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Determining the Heterogeneous Properties of the Bladder Wall Using 3D-Analysis of the Whole Bladder

Cardoza, Ricardo (2022) Determining the Heterogeneous Properties of the Bladder Wall Using 3D-Analysis of the Whole Bladder. Master's Thesis, University of Pittsburgh. (Unpublished)

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Abstract

The bladder is a highly compliant organ meaning it can experience large deformations
without experience large pressures. Often, this compliance decreases as the bladder ages or
experiences disease resulting in a loss of functionality. This loss of functionality can cause a
decrease in quality of life of the affected individual therefore a further understanding of the
mechanics of the bladder needs to be developed to better prevent and treat bladder issues. Research
involving the bladder has been conducted mostly on segments using uniaxial and biaxial testing.
Although these tests have set the foundation for bladder research, these tests do not address bladder
heterogeneity in wall thickness of material properties. To address this gap in knowledge, in this
thesis, the wall thickness and mechanical behavior of the intact bladder was studied. The bladder
was first imaged using micro-CT. These scans provide geometric results for the bladder such as
wall thickness and shape. This data, along with the pressure readings, were used to calculate the
compliance. Next, the bladder was analyzed using digital image correlation which provides local
strain results for the bladder. Finally, the strain was then used with a virtual field method to
approximate the local shear modulus across the bladder surface. These tests were also conducted
on bladders that have been treated with hypoxanthine to compare with the controls. This study
showed that the bladder has heterogeneous material properties and wall thickness increases at the
bottom of the dome. Strain is also shown to be higher at the dome and this results in a lower shear
modulus compared to the urethra side. The study also showed that, on average, the treated bladder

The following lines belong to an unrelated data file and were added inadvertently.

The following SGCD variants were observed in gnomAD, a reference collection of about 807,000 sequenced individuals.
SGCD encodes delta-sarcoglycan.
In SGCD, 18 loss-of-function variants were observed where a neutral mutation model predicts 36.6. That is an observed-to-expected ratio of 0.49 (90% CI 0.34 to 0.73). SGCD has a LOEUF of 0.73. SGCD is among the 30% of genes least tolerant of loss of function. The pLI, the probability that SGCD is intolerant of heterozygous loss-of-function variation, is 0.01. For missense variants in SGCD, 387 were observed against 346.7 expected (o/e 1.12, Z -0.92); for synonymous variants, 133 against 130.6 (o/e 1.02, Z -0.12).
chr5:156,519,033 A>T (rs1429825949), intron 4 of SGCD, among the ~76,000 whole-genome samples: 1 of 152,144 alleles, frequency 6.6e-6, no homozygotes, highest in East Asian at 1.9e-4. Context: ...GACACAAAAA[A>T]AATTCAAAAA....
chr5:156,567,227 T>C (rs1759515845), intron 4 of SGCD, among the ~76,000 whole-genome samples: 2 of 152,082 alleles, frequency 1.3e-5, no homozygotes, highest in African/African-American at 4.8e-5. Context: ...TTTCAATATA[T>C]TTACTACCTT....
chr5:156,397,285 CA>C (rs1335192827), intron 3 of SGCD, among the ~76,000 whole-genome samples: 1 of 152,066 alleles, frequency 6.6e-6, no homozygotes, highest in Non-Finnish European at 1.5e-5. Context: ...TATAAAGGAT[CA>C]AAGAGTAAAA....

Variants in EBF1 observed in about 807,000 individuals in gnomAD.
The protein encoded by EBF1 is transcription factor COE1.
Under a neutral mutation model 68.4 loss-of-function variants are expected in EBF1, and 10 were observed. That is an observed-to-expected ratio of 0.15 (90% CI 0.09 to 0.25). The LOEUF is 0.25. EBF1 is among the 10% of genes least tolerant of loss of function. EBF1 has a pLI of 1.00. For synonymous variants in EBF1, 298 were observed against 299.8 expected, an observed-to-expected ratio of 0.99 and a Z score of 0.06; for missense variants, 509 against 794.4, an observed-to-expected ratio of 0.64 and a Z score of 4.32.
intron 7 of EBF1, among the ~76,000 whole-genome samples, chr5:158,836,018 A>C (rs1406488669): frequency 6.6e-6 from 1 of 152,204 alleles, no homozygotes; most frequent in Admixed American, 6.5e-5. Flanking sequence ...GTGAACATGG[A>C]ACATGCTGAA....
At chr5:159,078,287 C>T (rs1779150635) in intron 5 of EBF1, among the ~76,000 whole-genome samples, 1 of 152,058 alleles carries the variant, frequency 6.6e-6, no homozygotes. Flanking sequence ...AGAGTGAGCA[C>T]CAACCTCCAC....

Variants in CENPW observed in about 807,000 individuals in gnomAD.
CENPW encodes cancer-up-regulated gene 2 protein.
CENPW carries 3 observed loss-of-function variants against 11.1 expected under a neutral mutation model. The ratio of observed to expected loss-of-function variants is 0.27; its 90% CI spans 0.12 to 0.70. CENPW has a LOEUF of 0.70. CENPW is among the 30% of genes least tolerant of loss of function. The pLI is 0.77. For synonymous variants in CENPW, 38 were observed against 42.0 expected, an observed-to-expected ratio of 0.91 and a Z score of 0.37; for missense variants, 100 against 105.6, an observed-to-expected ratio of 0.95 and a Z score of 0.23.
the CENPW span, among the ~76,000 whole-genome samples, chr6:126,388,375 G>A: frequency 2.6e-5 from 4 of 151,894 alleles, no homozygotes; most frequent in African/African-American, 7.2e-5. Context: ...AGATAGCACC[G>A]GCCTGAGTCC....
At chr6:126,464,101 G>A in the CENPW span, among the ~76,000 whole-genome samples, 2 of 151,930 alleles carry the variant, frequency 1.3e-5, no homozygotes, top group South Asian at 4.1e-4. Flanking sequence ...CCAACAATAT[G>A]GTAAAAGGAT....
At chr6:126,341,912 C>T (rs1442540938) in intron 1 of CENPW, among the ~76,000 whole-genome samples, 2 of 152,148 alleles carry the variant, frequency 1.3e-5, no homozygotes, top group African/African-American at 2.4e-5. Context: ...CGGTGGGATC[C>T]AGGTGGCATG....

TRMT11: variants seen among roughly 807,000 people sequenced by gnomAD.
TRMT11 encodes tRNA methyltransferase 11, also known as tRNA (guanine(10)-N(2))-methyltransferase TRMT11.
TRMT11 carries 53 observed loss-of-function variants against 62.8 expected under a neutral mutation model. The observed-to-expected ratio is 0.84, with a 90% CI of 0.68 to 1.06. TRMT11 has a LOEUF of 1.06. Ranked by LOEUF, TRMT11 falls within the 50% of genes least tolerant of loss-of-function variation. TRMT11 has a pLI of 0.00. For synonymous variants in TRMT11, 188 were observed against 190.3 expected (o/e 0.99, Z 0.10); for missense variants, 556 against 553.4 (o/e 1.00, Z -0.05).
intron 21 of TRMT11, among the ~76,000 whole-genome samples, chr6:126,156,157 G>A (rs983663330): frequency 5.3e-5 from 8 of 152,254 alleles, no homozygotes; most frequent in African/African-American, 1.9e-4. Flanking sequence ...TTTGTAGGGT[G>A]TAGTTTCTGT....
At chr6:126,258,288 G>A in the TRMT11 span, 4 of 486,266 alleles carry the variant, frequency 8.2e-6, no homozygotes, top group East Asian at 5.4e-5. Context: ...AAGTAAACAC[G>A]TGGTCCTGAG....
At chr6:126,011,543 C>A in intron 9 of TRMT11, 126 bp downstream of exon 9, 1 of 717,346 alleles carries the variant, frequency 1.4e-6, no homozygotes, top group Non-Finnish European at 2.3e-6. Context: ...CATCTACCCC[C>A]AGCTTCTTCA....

has thinner bladder walls, greater volume and is more compliant than the control. These findings
show that the location of the bladder specimen is significant when conducting research as one area
could behave significantly different properties than another. Knowing this, more accurate research
can be conducted on the bladder to further future advance in bladder treatment and care.


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Details

Item Type: University of Pittsburgh ETD
Status: Unpublished
Creators/Authors:
CreatorsEmailPitt UsernameORCID
Cardoza, Ricardorjc114@pitt.edurjc1140000-0001-5211-6660
ETD Committee:
TitleMemberEmail AddressPitt UsernameORCID
Committee ChairRobertson, Annerbertson@pitt.edu
Committee MemberBirder, Lorilbirder@pitt.edu
Committee MemberMaiti, Spandanspm54@pitt.edu
Committee MemberWatton, Paulp.watton@sheffield.ac.uk
Date: 16 January 2022
Date Type: Publication
Defense Date: 15 October 2021
Approval Date: 16 January 2022
Submission Date: 15 November 2021
Access Restriction: 1 year -- Restrict access to University of Pittsburgh for a period of 1 year.
Number of Pages: 86
Institution: University of Pittsburgh
Schools and Programs: Swanson School of Engineering > Mechanical Engineering
Degree: MS - Master of Science
Thesis Type: Master's Thesis
Refereed: Yes
Uncontrolled Keywords: Digital Image Correlation, Micro-CT, Virtual Field Method, Strain, Stiffness, whole bladder,
Date Deposited: 16 Jan 2022 17:50
Last Modified: 16 Jan 2022 17:50
URI: http://d-scholarship.pitt.edu/id/eprint/41938

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